Unwinding a Difficult Topic

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Neal Shusterman
Unwind
2007
Simon & Schuster

Review by Chelsea Archer

As anyone who has ever read Neal Shusterman will tell you, his books don’t shy away from difficult topics. He broaches these topics by creating fantastical worlds that blend elements of realism. Speculative fiction relies on realism to draw the reader in and make them believe in the absurd happenings of the story. Shusterman’s novels are moral plays, on par with Stephen King’s Misery, Michael Crichton’s Jurassic Park, and Frank Herbert’s Dune.

As the author of over 30 novels, Neal Shusterman knows how to create a burning interest within the first few pages. Like most other YA novels, his characters are often under the age of 20, the parents are no longer in the picture (for a variety of reasons) and they undergo a quest of some sort that changes them at a fundamental level, but unlike most other YA novels, he likes to open his tales with immediate shock and hardship. In Shusterman’s Skinjacker trilogy for instance, readers are taken to children’s limbo where newly dead or dying souls must come to grips with the end of their short lives. The opening page introduces the reader to the heroine as she is killed, instantly drawing us in. Life and death make up a large part of his novels, something that many of us struggle to understand and come to terms with. This serves not only to compel YA readers to consider this heavier topic, but also to bridge the gap between YA and an adult audience.

Just as in past novels, Neal Shusterman’s Unwind creates a fantastic world with our own issues hidden just below the surface. In the United States, sometime in the near future, a second civil war takes place over abortion. The resulting compromise calls for unwanted children between the ages of 13 and 18 to be “unwound” – have their body parts harvested for later use. Since all parts of their body will be reused and live on, technically, the government considers them to still be alive.

Here the reader meets Connor, Risa, and Lev, our three heroes leading us through the narrative. All three are set to be unwound and all three feel differently about their impending dissolution. This is what gives the novel such depth. We are provided with each possible viewpoint into the act of unwinding, allowing us to form our own conclusion. We see one child fighting for his life, one welcoming the end, and another following a religious path.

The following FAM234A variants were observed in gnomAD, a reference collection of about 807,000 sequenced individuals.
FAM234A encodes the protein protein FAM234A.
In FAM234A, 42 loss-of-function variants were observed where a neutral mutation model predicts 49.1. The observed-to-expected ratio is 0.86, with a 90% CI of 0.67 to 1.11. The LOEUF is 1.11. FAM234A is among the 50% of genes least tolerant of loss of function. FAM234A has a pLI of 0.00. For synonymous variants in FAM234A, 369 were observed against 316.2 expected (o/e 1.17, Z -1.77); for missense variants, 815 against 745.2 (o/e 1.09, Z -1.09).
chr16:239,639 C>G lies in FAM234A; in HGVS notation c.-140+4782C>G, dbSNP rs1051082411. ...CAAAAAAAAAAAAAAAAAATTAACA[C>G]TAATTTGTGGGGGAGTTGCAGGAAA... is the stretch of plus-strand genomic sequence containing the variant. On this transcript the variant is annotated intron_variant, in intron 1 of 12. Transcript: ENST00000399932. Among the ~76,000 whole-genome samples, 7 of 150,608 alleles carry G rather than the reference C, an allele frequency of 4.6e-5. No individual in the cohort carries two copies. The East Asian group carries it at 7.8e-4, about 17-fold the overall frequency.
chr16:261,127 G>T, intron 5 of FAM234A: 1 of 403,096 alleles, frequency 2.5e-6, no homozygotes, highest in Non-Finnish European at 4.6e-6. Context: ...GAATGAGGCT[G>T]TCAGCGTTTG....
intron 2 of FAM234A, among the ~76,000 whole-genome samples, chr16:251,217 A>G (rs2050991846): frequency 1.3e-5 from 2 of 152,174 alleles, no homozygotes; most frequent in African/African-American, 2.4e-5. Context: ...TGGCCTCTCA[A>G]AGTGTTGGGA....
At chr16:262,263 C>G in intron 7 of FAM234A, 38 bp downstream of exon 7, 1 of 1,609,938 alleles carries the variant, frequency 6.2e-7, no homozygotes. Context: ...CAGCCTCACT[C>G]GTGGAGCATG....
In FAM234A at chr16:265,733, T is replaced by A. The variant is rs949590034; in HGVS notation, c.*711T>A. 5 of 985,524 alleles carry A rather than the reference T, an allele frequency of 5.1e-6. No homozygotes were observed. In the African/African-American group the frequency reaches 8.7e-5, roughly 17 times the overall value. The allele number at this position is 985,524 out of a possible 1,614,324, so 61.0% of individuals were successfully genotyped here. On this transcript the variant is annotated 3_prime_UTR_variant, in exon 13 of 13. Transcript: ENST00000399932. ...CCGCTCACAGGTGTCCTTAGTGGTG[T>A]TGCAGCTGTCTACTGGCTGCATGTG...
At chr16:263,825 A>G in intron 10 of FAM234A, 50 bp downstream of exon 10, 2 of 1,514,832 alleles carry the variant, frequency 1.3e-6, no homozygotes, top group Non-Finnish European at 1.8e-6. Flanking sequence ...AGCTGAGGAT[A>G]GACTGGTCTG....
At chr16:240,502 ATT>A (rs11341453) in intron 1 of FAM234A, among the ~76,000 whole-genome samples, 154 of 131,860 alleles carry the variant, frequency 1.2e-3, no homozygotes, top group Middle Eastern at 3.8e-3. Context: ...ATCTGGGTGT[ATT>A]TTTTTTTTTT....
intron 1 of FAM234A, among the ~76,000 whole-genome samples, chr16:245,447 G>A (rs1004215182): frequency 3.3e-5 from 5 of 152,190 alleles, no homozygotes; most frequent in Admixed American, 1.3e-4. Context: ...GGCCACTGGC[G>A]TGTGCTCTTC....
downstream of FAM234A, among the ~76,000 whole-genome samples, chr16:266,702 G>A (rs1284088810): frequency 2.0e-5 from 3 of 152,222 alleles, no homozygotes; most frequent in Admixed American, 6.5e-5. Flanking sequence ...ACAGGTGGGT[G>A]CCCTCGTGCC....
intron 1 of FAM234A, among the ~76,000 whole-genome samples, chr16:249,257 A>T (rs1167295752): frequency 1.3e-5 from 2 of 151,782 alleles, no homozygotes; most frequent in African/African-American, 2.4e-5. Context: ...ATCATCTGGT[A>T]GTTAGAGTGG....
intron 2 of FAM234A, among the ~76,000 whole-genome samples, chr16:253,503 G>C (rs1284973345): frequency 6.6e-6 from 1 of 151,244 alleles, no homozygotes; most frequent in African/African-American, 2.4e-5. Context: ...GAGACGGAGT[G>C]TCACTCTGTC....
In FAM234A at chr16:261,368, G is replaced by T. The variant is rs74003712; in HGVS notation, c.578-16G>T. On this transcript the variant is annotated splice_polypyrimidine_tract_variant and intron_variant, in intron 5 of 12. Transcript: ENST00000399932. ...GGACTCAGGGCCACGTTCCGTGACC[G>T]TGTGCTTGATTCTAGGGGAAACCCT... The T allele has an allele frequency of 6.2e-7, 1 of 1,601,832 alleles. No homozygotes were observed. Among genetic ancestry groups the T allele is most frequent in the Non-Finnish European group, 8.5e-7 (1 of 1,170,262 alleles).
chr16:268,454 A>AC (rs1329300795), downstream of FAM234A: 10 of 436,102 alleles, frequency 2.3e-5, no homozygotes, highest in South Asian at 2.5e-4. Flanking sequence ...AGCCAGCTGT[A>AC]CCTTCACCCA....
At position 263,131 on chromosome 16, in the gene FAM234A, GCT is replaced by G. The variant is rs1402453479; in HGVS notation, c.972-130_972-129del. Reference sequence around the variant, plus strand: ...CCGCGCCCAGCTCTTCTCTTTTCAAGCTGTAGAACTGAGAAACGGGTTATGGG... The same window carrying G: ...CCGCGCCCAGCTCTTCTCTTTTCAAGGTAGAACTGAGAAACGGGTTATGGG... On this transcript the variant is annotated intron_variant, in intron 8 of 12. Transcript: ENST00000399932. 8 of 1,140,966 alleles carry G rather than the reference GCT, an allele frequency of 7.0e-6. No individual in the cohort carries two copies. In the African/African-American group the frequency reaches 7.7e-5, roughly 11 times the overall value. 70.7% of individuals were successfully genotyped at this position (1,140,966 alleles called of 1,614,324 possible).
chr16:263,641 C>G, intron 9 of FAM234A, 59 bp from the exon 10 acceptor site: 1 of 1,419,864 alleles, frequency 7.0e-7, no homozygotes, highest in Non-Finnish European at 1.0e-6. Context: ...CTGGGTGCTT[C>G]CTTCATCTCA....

However, it’s not until Shusterman takes us into the mind of a character being unwound that we can truly appreciate this novel’s depth.

“I’m alone. And I’m crying. And no one is coming to the crib. And the nightlight has burned out. And I’m mad. I’m so mad. Left frontal lobe. I…I…I don’t feel so good. Left occipital lobe. I… don’t remember where…Left parietal lobe. I…I…I can’t remember my name,but…but…Right temporal…but I’m still here. Right frontal. I’m still here… Right occipital. I’m still…Right parietal. I’m…Cerebellum. I’m…Thalamus. I…Hypothalamus. I…Hippocampus…Medulla……………..” (Shusterman 226).

In this passage we see this child’s mind deteriorate as sections of her brain is harvested. Shusterman doesn’t just show the body being taken apart, (which is disturbing by itself) he physically places us into the perfect position to watch as the very essence of a human being is destroyed.

Throughout the novel, Shusterman alludes to questions of the human soul – What is the human soul? If our body is separated but still alive in others, is our soul gone? Did it get transferred? Are we dead or alive? He gives us everything we need to form our own conclusion. But whatever conclusion you may reach, the remainder of the novel is given new power, because we now know the fate that awaits our heroes if they fail – complete and utter dissolution of body and mind.

YA fiction is underrated in the adult community, but it should be given a chance, because by having fewer expectations than a literary novel, YA novels are able to take more risks, thus providing the reader with a new experience. Although not as popular as The Hunger Games or Harry Potter, Unwind is the perfect novel for those who wish question their beliefs, better understand a topic of great controversy, and wonder how the human mind adapts to new perspectives. Read this book.